3. In equipment storage apparatus according to claim 2, the further improvement wherein at least one of the front and the back of the member has a planar surface disposed between two external faces thereof that affixes those external faces to one another in different, but substantially parallel, planes.
4. In equipment storage apparatus according to claim 3, the further improvement wherein the planar surface has a surface normal directed in a substantially different direction than that of the external faces that it affixes.
5. In equipment storage apparatus according to claim 1, the further improvement wherein
an external face on the front of the member accommodates any of a door, panel or other cover for at least partially covering the cabinet,
an external face on the back of the member accommodates any of a door, panel or other cover for at least partially covering the cabinet, and
one or more surfaces disposed between two external faces that affixes to one another those external faces on the front and back of the member that accommodate any of a door, panel or other cover.
6. In equipment storage apparatus according to claim 5, the further improvement wherein
a recess is formed in an interior of the member by the
(i) external face on the front of the member that accommodates any of a door, panel or other cover,
(ii) external face on the back of the member that accommodates any of a door, panel or other cover, and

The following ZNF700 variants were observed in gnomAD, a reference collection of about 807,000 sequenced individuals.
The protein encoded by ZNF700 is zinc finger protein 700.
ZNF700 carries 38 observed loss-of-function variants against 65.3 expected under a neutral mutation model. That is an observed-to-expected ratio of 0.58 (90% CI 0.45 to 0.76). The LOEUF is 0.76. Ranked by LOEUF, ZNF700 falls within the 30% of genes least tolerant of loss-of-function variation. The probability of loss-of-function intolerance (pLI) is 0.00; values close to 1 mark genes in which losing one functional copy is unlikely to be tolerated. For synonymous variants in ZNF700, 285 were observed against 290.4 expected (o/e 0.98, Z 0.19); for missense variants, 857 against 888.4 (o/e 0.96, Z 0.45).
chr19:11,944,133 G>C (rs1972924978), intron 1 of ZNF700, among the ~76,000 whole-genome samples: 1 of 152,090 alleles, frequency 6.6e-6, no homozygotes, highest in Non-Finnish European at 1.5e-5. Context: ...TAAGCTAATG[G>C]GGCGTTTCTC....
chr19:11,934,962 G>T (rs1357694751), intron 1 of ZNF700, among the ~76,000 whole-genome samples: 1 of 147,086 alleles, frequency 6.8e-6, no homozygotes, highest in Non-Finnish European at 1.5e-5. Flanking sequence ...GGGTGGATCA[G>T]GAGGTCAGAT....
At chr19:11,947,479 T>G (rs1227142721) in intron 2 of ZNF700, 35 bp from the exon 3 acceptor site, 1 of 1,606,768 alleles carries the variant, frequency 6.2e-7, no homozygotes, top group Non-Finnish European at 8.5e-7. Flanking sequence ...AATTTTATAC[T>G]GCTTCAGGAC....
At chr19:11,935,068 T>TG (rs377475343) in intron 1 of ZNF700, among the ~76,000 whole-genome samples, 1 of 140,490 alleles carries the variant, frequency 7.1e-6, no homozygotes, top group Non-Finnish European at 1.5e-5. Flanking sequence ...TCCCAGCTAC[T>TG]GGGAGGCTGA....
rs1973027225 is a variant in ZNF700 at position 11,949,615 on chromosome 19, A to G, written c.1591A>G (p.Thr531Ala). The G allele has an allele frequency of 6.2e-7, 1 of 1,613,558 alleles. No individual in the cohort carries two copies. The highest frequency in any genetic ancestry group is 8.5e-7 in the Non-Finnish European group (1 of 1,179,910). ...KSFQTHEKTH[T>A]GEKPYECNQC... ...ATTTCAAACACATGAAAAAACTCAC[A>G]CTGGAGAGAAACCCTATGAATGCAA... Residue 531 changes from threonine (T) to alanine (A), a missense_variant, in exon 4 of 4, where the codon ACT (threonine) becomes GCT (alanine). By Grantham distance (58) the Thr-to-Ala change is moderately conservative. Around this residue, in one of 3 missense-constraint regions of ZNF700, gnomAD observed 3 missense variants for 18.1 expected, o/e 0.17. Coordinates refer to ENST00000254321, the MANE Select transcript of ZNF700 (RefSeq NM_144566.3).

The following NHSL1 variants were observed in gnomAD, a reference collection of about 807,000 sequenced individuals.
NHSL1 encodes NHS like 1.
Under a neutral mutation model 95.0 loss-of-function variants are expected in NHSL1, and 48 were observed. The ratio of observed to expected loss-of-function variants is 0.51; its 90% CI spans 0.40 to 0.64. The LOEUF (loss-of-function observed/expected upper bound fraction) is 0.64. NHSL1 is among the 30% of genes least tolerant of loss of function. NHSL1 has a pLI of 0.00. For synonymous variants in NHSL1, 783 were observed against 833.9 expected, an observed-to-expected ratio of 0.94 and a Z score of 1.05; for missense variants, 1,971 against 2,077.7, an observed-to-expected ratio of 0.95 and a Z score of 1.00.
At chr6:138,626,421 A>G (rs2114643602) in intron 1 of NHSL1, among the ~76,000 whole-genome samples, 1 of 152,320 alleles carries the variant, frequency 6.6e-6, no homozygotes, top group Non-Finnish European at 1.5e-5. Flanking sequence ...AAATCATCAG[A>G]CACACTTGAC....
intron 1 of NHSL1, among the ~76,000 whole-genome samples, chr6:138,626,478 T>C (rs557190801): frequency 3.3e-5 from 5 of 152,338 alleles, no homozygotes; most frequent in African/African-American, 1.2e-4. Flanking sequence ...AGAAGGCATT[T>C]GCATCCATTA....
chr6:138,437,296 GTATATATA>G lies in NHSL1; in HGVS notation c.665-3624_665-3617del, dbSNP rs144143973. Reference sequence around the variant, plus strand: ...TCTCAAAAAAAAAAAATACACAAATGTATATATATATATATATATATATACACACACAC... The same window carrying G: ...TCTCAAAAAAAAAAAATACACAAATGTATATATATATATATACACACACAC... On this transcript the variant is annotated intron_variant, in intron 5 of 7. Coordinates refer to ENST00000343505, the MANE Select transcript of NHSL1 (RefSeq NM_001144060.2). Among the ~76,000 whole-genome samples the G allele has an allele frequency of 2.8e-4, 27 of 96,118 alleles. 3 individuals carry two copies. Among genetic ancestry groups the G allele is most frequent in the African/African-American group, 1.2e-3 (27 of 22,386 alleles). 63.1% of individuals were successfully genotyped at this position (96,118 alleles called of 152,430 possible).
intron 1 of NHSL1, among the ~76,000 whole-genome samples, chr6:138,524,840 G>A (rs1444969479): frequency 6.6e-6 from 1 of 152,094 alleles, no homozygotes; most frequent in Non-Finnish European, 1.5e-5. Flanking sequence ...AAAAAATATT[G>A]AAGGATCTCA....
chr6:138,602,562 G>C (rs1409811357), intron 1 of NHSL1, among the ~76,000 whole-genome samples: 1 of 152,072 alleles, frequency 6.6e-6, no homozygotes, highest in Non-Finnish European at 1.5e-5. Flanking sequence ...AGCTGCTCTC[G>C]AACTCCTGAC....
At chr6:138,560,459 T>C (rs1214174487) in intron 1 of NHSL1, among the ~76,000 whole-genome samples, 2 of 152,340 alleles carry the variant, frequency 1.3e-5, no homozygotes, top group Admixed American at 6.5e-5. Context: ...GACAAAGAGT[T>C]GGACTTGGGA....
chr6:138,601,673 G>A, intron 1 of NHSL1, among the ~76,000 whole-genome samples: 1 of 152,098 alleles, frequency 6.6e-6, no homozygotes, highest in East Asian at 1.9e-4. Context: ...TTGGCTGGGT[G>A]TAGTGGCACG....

(iii) the one or more surfaces disposed between the two external faces that affixes those external faces to one another.
7. In an equipment storage apparatus according to claim 6, the further improvement wherein the recess is arranged to slidably receive a post of any of a foot, floor stand and other member upon which the apparatus is stabilized.
8. An equipment storage apparatus comprising
A. at least two vertical members for accommodating equipment mounts, the vertical members forming at least part of a perimeter of a region in which mounted equipment is disposed,
B. at least one of the vertical members having three or more external faces having surfaces lying in substantially different planes, which surfaces have normals directed in substantially the same direction,
C. a first one of the external faces accommodating mounts for the equipment,